Charlie Baker

Massachusetts announces first winners of state’s VaxMillions Giveaway

"I thought it was a scam."

Daniela Maldonado of Chelsea and Darrell Washington of Weymouth. David L. Ryan / The Boston Globe

After getting their COVID-19 vaccine shots earlier this spring, two lucky Massachusetts residents received some life-changing money this week.

Gov. Charlie Baker announced the first two winners in the state’s VaxMillions Giveaway for fully vaccinated residents during a press conference Thursday:

Darrell Washington, a 63-year-old Blue Cross Blue Shield case manager from Weymouth, won the first $1 million cash prize, and Daniela Maldonado, a 15-year-old Chelsea resident, won the giveaway’s first $300,000 scholarship grant.

Baker announced the lottery-style sweepstakes for fully vaccinated residents in June as an incentive for more residents to get their shots.

However, Washington and Maldonado didn’t need any additional persuading; both got their vaccines earlier this spring shortly after they became eligible.


Washington said it was important for him to get vaccinated because he has family members with health conditions that could make them more vulnerable to the virus.

“I just couldn’t imagine me being a host for the virus and then getting them sick and critically ill, and possibly passing away,” he said. “I just couldn’t do that.”

Alluding to much of the vaccine misinformation that has made some skeptical about getting their shots, Washington urged others to “turn off” the people on TV.

“Just really ask yourself, ‘Is your child, is your spouse, is your grandparents — are they worth you getting a vaccination?'” he said. “I mean that risk seems to be very, very easy for me to resolve. I think you will, too. If you care about them, you will probably do that.”

Maldonado, a rising sophomore at Chelsea High School, said she initially couldn’t believe it when her mom told her she won the scholarship grant.

“I thought it was a scam,” she said, laughing.

But as a low-income family in a city that has been among the hardest hit — both by the virus and the economic impacts of the pandemic — in Massachusetts, she added that she was “really happy” to get the opportunity to go on to college.


Even as just a sophomore, Maldonado said she’s prospectively looking at Boston University and the University of Massachusetts.

“We are a low-income family, so it was going to be hard for me to go continue my education,” said Maldonado, who noted that she’s interested in world history and math.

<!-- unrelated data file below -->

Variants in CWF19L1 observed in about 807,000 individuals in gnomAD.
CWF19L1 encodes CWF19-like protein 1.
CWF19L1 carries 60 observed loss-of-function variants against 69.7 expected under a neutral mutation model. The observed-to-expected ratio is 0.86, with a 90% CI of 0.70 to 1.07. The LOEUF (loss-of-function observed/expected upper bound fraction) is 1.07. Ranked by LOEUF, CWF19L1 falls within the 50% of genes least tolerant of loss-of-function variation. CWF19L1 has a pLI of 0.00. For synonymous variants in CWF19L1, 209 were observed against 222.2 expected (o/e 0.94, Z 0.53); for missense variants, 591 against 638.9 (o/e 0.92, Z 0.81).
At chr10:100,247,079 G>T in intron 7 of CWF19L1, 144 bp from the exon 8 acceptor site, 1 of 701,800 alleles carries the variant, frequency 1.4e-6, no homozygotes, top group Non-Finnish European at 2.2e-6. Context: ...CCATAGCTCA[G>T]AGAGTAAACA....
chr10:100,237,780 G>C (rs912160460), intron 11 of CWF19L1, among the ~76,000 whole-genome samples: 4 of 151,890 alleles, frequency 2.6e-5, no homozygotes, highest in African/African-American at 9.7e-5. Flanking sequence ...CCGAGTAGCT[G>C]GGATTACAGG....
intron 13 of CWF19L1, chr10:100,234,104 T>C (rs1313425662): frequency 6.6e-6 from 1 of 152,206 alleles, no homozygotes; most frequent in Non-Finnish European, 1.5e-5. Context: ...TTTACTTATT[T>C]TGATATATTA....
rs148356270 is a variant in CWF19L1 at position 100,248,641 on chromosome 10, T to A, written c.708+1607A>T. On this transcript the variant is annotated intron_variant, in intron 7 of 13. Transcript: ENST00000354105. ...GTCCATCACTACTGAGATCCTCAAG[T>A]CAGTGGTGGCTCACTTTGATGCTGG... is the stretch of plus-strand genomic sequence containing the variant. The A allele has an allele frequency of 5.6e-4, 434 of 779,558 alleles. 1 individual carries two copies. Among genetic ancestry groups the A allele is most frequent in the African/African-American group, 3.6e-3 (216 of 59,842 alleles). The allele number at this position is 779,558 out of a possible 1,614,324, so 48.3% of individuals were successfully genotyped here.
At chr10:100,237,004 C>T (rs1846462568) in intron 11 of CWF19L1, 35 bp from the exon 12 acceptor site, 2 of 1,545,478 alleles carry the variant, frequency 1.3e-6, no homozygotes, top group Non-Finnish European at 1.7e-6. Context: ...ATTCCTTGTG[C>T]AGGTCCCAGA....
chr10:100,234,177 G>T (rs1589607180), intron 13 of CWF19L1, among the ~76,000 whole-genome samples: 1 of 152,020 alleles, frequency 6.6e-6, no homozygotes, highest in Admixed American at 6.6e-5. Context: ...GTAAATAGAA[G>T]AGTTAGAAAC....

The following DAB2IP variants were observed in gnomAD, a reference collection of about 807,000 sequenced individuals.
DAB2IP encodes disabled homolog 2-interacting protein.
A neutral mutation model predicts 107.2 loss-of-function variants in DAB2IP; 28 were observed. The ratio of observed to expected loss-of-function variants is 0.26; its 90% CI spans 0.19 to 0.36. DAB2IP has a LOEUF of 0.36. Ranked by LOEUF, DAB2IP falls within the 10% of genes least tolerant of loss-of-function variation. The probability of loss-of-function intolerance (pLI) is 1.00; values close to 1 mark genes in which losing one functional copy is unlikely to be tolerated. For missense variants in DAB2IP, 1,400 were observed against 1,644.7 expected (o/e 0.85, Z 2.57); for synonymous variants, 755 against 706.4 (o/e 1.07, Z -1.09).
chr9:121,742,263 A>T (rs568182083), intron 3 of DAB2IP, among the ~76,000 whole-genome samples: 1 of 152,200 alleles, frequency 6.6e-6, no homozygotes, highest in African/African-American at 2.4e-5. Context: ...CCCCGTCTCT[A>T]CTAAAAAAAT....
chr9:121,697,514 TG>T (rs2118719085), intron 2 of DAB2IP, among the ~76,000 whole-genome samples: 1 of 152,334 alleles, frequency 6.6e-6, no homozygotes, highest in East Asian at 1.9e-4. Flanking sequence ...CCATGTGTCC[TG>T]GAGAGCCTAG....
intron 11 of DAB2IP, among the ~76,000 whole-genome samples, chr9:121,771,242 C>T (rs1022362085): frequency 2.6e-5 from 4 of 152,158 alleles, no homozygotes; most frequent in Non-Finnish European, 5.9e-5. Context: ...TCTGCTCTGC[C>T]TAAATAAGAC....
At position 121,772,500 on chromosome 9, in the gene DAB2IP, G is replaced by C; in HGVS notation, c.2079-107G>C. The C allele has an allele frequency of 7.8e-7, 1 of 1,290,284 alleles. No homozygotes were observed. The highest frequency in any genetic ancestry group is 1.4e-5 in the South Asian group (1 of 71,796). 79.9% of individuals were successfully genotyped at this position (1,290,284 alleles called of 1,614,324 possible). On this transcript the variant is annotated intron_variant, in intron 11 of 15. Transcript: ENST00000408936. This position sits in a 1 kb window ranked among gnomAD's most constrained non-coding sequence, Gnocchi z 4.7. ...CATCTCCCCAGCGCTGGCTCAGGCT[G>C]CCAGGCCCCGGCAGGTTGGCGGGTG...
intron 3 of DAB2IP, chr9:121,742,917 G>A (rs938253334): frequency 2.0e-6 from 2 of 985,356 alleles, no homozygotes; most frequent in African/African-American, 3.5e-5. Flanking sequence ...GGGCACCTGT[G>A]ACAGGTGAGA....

The event Thursday was the first of five weekly announcements, which will award five $1 million cash prizes to fully vaccinated residents who are at least 18 years old and five $300,000 scholarship grants to the those who are 12 to 17 years old.

Thursday is also the final day that vaccinated residents can register to be eligible for all four of the remaining VaxMillions drawings.

The second round of winners will be picked and announced next week.

Officials say that more than 2 million of the state’s 4.3 million vaccinated residents have signed up for the contest. To be eligible, residents must get both doses of the Pfizer or Moderna vaccine or the one shot of the Johnson & Johnson vaccine at least four days before each of the five drawings.

The first winners’ names were randomly selected Monday, and officials worked over the past several days to contact them and verify their vaccination status. Potential winners have 24 hours to respond to the Department of Public Health officials’ emails and phone calls to claim their prize.


Washington joked Thursday that he went so far as to Google the name of the DPH official who contacted him this week, assuming it might be spam.

“I was like, ‘Oh my God. This is real,'” he said. “I was just hesitant, and I responded back, and as the days went on, things started happening, and I’m like, ‘OK… maybe this is real.'”

While he had been looking at retirement, Washington added that he’s not there quite yet, even with the new windfall of money.

“I’ll be doing good things with it,” he said, later adding, “Plenty to do, plenty to do.”

Baker announced the VaxMillions Giveaway after other states saw some success using the so-called vaccine lotteries as an incentive to nudge holdouts to get their shots. Massachusetts, which has the second-highest rate of fully vaccinated residents in the country, has seen the demand for shots slow since spring, though the state continues to administer thousands of doses a day.

According to state data, nearly 75 percent of Massachusetts adults are fully vaccinated, and over 84 percent have gotten at least one shot. Of the 4.5 million eligible residents who are at least partially vaccinated, Baker said Thursday that 200,000 got their shots after the VaxMillions Giveaway was announced.


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